Coh. I. sagittariorum. of the 1st cohort of archers,
- s. e. lies here
Julius Abdes Pantera was an archer in the Roman army. He was from Sidon, just north of the upper Galilee on the Mediterranean coast of Syria, only sixty miles from Nazareth and he served as a Roman soldier for forty years in the first century CE. He was apparently a slave, freed for his service sometime in the reign of Tiberius (14-37 CE)—honoring the emperor by taking on his name. It is possible he might have been Jewish, based on the name Abdes. I have traveled to Germany several times to examine the tombstone and learn what I could about this Julius Abdes Pantera and his career. The tombstone is now in the Römerhalle Museum in Bad Kreuznach not far from the original Roman camp at Bingerbrück. Today there are modern roads and apartments built over the spot. The Roman camp, from what I could tell in consulting with local archaeologists, was nearby on the banks of the Nahe River, which still has foundations of a bridge from Roman times. However, more recent research on the details of Julius Abdes Pantera’s career, has established that this Roman archer Pantera was definitely not a soldier at the time Mary would have become pregnant. Whether he was Jewish, and perhaps taken as a slave into the Roman army, remains a possibility.
The idea that Mary was raped by a Roman soldier has been most ably defended by Jane Schaberg. Needless to say, the backlash on that idea has been massive. The argument she makes is that given the times in which Mary lived, and especially the unrest in the Galilee we have seen following the death of Herod the Great, unless Mary willingly violated her engagement, rape is the most likely scenario with a Roman soldier, perhaps named Pantera, as the father. I see several problems with this possibility. First, our earliest ancient source that identifies Pantera as a Roman soldier is the text from Celsus in the late 2nd century, and he says nothing about rape. Quite the contrary, he asserts that Mary and Pantera choose to be together, despite her engagement to Joseph. Second, at the time of the birth of Jesus, which was nearly two years prior to Herod’s death in March 4 BCE, we know of no disturbances in Galilee that would account for women being raped. Roman soldiers were not stationed in Sepphoris or around Nazareth, but in Syria to the north, under the command of Varus. Herod was in firm control of things around the time Jesus was born.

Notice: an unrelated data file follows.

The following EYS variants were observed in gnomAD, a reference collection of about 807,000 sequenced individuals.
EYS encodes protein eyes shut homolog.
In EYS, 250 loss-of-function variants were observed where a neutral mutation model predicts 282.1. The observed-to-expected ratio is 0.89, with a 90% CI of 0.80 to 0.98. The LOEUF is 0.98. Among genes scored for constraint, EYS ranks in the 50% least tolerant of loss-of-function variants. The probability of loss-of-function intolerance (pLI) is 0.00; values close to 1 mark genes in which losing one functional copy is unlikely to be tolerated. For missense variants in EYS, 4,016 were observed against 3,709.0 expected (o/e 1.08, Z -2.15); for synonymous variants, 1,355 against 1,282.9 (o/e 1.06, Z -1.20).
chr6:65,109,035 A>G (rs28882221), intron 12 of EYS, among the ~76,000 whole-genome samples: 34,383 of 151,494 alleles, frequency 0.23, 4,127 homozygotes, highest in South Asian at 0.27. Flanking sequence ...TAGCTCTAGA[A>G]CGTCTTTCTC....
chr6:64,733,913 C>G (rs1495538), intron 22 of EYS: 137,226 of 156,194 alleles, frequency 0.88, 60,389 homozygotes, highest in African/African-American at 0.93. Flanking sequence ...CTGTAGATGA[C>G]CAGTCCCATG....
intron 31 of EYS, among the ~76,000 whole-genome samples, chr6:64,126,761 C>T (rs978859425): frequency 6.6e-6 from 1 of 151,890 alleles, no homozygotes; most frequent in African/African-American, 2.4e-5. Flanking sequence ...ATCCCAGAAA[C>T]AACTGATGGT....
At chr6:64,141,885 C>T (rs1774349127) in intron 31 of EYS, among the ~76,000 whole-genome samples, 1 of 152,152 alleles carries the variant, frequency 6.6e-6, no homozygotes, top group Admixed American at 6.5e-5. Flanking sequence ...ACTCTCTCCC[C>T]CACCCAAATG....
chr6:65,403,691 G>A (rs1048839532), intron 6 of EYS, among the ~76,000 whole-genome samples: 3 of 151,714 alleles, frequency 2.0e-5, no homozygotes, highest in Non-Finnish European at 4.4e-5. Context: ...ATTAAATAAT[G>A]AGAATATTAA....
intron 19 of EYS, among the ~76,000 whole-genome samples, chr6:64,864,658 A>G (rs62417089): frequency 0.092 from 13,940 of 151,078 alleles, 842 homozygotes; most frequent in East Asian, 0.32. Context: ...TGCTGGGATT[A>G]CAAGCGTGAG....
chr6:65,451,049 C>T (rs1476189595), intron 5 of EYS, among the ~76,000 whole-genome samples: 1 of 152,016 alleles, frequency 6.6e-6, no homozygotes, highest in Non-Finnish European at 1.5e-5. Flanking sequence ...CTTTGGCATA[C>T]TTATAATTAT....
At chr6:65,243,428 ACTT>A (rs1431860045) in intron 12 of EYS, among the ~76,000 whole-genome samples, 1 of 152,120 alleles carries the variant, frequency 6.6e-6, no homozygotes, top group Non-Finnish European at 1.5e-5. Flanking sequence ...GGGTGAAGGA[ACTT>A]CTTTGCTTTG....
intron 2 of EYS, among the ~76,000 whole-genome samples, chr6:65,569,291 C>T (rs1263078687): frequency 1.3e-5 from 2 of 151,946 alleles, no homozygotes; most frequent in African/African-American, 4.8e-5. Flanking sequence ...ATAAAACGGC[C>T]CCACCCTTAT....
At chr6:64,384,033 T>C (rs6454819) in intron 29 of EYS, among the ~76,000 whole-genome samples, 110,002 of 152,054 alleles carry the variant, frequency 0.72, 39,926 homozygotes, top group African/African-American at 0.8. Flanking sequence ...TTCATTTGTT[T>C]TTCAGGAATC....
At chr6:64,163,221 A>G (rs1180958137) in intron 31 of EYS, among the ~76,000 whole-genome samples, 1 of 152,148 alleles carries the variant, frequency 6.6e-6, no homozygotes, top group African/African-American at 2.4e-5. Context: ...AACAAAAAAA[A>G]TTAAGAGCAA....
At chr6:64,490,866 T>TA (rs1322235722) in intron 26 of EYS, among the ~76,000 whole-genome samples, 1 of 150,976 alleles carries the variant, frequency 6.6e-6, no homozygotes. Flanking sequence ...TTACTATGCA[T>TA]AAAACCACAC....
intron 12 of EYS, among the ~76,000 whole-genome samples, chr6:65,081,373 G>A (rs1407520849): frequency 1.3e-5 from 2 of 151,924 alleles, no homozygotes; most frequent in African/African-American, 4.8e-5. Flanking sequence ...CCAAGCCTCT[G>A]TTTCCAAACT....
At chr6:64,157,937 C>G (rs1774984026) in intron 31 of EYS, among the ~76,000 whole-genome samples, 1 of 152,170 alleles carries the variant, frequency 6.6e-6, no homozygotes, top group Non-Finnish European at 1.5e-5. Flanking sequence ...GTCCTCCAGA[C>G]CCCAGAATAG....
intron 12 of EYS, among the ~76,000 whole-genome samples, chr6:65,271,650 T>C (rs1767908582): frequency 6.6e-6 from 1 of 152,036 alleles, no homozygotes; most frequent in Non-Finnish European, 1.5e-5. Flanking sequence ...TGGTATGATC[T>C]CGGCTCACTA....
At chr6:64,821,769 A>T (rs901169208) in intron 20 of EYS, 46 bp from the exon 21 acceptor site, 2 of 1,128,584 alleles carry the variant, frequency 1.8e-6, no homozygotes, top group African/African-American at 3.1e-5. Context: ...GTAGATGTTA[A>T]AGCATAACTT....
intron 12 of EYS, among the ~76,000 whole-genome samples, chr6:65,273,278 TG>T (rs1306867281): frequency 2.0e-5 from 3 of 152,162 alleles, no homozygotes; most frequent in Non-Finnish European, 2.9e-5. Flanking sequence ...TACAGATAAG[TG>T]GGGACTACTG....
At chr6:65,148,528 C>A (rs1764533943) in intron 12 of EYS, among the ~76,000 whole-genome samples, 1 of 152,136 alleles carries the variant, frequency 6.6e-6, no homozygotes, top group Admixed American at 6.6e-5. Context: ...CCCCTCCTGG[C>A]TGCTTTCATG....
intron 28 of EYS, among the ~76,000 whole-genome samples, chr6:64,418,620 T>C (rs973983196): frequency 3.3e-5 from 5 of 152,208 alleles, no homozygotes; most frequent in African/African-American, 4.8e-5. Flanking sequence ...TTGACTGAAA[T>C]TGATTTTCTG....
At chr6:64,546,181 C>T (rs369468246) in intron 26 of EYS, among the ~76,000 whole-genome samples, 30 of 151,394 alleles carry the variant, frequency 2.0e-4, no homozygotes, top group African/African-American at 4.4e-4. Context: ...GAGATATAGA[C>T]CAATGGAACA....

It should also be noted that in the case of this Pantera of Sidon, he would not have to be in the Roman army at the time Mary became pregnant with Jesus. He might well have either joined or been conscripted into the Roman army after Jesus was born, and thus the rumor circulated that Mary had gotten pregnant from a Roman soldier. Since we have sources that claim that Pantera was a name known in the family of Mary, it is entirely possible that Mary became involved with someone by that name, associated with her extended family, even before her marriage to Joseph was arranged by her parents, whether that Pantera became a Roman soldier subsequently or not.
We can assume that Mary’s parents must have considered Joseph the best match for her—perhaps given his artisan’s trade and some degree of social status. Disagreements over the choice of marriage partners is probably as frequent a topic of contention in families as any other. It is entirely possible that Mary was already involved with Pantera, had become pregnant and kept it to herself, but then when presented with the marriage firmly stood her ground, honoring the child growing within her as a gift of God.